As schools re-open for the start of the new academic year, concerns have grown that they could turn into hubs for the virus and cause another lockdown in the near future. Both Pfizer and Moderna vaccines have been approved for healthy children between 12 and 15, but many parents remain concerned with risks of side effects.
British vaccines minister Nadhim Zahawi stated on Sunday that a decision on whether those aged 12 to 15 should get the vaccine had not yet been made. However, ministers have indicated they are keen to authorise a wider rollout. So, should children be given the vaccine – what are the arguments for and against?
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Are the vaccines safe for children?
According to numerous health experts, the vaccines has proven to be safe for children.
Professor of Immunology and Infectious Disease at the University of Edinburgh, Eleanor Riley, said trials of the vaccines on children have proven to be a success.
“Data from large scale vaccination of 12-18 years olds in the USA suggests that the mRNA vaccines have an excellent safety profile in this age group.”
Back in March, Pfizer announced that their COVID vaccine trial showed 100% effectiveness when tested on those aged 12 and 15. In addition, during its first week of the rollout, across the US, 600,000 children were vaccinated.
Scotland’s national clinical director, Prof Jason Leitch said that if the UK had the jabs available to vaccinate children then they would be ready and prepared to execute the vaccinations.
“We have vaccine centres ready, we have drop-in clinics ready. So if the starting pistol is fired, we have no doubt that we can do this group,” he stated.
Currently, vaccines have not yet been approved for children below the age of 12 but trials from Pfizer and Moderna are underway.
What are the benefits of vaccinating children?
One of the main benefits from vaccinating children apart from protecting themselves is that it would also protect the wider community including the most vulnerable. It also aids to increase immunity to COVID within the British population, weakening the general threat the virus would pose.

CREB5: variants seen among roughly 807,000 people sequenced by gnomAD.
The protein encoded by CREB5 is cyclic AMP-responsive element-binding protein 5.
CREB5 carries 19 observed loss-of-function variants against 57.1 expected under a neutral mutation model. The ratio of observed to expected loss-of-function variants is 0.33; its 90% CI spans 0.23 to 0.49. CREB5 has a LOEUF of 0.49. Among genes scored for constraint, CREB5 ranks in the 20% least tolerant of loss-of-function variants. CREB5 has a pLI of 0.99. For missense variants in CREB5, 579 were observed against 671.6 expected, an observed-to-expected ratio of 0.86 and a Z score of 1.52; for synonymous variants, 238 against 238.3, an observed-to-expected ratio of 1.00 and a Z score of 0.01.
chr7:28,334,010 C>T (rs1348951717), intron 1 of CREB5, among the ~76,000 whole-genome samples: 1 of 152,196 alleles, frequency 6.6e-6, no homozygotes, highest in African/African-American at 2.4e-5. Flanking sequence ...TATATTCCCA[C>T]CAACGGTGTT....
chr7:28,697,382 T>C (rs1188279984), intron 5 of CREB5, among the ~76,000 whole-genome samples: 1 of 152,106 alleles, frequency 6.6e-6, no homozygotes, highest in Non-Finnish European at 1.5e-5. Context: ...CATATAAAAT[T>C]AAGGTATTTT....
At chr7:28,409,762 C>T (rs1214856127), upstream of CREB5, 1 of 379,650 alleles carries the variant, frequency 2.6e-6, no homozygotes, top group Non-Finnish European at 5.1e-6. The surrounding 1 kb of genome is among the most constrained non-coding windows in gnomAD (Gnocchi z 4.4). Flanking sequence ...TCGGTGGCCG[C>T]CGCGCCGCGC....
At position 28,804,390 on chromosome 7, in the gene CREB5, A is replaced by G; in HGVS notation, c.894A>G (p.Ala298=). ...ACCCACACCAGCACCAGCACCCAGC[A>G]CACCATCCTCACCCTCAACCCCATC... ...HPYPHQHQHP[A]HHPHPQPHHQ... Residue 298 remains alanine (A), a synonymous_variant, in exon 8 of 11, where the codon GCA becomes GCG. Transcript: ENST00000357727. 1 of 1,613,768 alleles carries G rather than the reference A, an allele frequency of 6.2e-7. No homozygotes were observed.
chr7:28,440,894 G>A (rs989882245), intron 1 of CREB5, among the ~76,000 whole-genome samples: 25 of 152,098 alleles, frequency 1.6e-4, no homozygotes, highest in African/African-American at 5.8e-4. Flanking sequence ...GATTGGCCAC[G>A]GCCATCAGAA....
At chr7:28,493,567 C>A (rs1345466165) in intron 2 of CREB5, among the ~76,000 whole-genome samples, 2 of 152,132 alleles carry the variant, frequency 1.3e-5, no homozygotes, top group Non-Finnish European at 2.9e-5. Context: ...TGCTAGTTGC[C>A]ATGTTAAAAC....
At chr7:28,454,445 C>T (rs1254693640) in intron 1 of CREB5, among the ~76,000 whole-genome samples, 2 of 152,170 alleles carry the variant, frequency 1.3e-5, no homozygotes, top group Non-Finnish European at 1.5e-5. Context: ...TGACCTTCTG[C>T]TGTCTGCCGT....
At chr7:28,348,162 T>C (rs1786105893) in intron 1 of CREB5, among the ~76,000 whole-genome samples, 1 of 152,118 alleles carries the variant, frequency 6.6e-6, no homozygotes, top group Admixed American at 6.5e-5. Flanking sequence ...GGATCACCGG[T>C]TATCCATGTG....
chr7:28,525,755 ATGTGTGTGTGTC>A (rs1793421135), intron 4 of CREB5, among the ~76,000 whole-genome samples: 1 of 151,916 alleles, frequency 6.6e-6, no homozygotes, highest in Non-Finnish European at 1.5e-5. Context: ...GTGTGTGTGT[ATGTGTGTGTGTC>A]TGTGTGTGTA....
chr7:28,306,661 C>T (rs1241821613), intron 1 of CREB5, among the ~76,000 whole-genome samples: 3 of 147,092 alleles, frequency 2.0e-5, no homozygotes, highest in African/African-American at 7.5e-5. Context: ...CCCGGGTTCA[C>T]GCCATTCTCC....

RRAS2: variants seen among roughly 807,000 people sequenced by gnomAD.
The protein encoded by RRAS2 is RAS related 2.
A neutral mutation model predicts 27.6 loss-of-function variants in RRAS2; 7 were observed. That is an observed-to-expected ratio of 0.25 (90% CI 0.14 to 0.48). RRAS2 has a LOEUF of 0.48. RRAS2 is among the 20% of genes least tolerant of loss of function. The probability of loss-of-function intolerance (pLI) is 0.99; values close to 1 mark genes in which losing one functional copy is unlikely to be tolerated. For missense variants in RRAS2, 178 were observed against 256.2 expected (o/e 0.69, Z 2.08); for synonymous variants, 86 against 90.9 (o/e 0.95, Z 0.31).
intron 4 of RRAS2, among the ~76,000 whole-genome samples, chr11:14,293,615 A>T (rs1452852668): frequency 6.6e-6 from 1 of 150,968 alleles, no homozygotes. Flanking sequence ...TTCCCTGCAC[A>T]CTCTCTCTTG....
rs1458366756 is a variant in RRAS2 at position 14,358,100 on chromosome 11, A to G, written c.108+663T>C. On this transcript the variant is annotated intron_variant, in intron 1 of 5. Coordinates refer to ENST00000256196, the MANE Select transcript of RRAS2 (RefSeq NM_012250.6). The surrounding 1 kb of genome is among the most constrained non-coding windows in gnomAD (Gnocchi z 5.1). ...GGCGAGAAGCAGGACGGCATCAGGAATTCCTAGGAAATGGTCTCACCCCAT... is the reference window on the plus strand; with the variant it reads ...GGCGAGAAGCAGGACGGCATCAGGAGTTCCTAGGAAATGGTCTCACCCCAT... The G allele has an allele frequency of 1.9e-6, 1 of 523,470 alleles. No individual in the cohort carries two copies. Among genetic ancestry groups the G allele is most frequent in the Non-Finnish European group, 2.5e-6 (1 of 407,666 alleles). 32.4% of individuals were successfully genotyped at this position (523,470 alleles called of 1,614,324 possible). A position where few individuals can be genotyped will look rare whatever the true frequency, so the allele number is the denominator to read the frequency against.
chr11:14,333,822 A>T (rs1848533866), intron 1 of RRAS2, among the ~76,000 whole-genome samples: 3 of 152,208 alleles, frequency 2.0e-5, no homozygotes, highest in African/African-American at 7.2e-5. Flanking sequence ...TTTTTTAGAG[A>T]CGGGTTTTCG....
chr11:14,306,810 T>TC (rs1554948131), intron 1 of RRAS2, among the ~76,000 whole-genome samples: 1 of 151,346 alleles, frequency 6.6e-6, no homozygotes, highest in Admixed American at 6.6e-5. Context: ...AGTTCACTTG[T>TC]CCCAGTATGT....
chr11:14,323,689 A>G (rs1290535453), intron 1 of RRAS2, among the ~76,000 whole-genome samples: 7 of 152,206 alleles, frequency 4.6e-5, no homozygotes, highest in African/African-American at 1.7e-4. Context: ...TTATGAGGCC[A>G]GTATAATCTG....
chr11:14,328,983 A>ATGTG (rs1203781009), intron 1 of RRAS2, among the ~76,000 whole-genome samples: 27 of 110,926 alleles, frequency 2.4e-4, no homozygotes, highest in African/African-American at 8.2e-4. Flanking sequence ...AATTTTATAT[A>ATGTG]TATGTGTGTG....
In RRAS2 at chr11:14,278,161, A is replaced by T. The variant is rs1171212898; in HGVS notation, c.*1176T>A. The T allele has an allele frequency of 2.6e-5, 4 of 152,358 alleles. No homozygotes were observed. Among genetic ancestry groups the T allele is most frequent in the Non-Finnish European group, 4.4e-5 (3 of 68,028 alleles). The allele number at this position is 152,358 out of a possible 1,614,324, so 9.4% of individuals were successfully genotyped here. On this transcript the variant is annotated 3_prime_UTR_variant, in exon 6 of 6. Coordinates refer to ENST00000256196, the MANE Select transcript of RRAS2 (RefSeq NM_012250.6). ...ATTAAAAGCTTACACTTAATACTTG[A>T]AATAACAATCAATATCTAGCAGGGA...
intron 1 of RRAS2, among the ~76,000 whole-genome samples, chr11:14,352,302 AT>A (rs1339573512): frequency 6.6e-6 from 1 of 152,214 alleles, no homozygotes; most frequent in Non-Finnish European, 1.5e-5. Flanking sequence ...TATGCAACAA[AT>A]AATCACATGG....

Despite there is a significant difference in terms of the figures of children being hospitalised and adults being hospitalised, cases still remain. In addition, with school re-opening this month, these figures could rise.
What are the disadvantages of vaccinating children?
Despite the vaccine being declared as safe, like many other vaccines, there are still a small number of people who have suffered from side effects.
One of the very rare side effects reported from the vaccines is people developing myocarditis, which means inflammation of the heart muscle, and pericarditis, which means inflammation of the lining surrounding the heart. These conditions can lead to short periods of hospitalisation but are typically followed by quick recoveries. But there is little data about possible long-term effects.
At this stage the Joint Committee on Vaccination and Immunisation (JCVI) decided against recommending the vaccine to all 12-to-15-year olds, but a final decision will rest in the hands of politicians. The JCVI concluded that the medium and long-term effects of the vaccine are still uncertain and that more time needs to be given to provide a clearer picture on the situation, and that vaccinating young children that are also healthy will have minimal benefits. The question is whether vaccinating children would reduce the spread of the virus to adults – eliminating the need for school closures, for instance.
Should children make their own decisions?
Following on from the JCVI decision, there has been a debate on whether getting or not getting the vaccine should be down to the children themselves.
Nadhim Zahawi has said that parental consent will be required if it is decided that children aged 12-15 should be offered the vaccine; however other medical experts suggest that this should not be needed and that children can make the decision themselves.
Senior clinical lecturer at the University of Exeter Medical School, Dr David Strain has insisted that some children are “mature enough” to make a decision without the consent from their parents.
“Some children at the age of 12 are mature enough to make that call,” he told Sky News. “It will be dependent on people with training – the school nurse, the GP – people who have sufficient training to identify that.”
Dr Strain said a similar assessment could be carried out to that given to girls under the age of 16 who want the contraceptive pill.
“I would argue if we have children who are legally permitted to make decisions about whether they’re going to partake in underage sex, then a similar sort of competence procedure could apply to whether they have competence to take the vaccine or not”, he added.
Prof Anthony Harden, deputy chair of the JCVI, told This Morning Britain that the situation with vaccinating children is “very finely balanced”.
“It’s marginally in favour, actually if you look at all the figures – and we have published those – in favour of vaccination, but I do understand it from a parental viewpoint and I understand it from a teenager’s viewpoint.” He stated.
Therefore, with a final decision yet to be made, the debate rumbles on whether healthy children between 12-15 should be offered the vaccine, with many calling for clarity on the situation.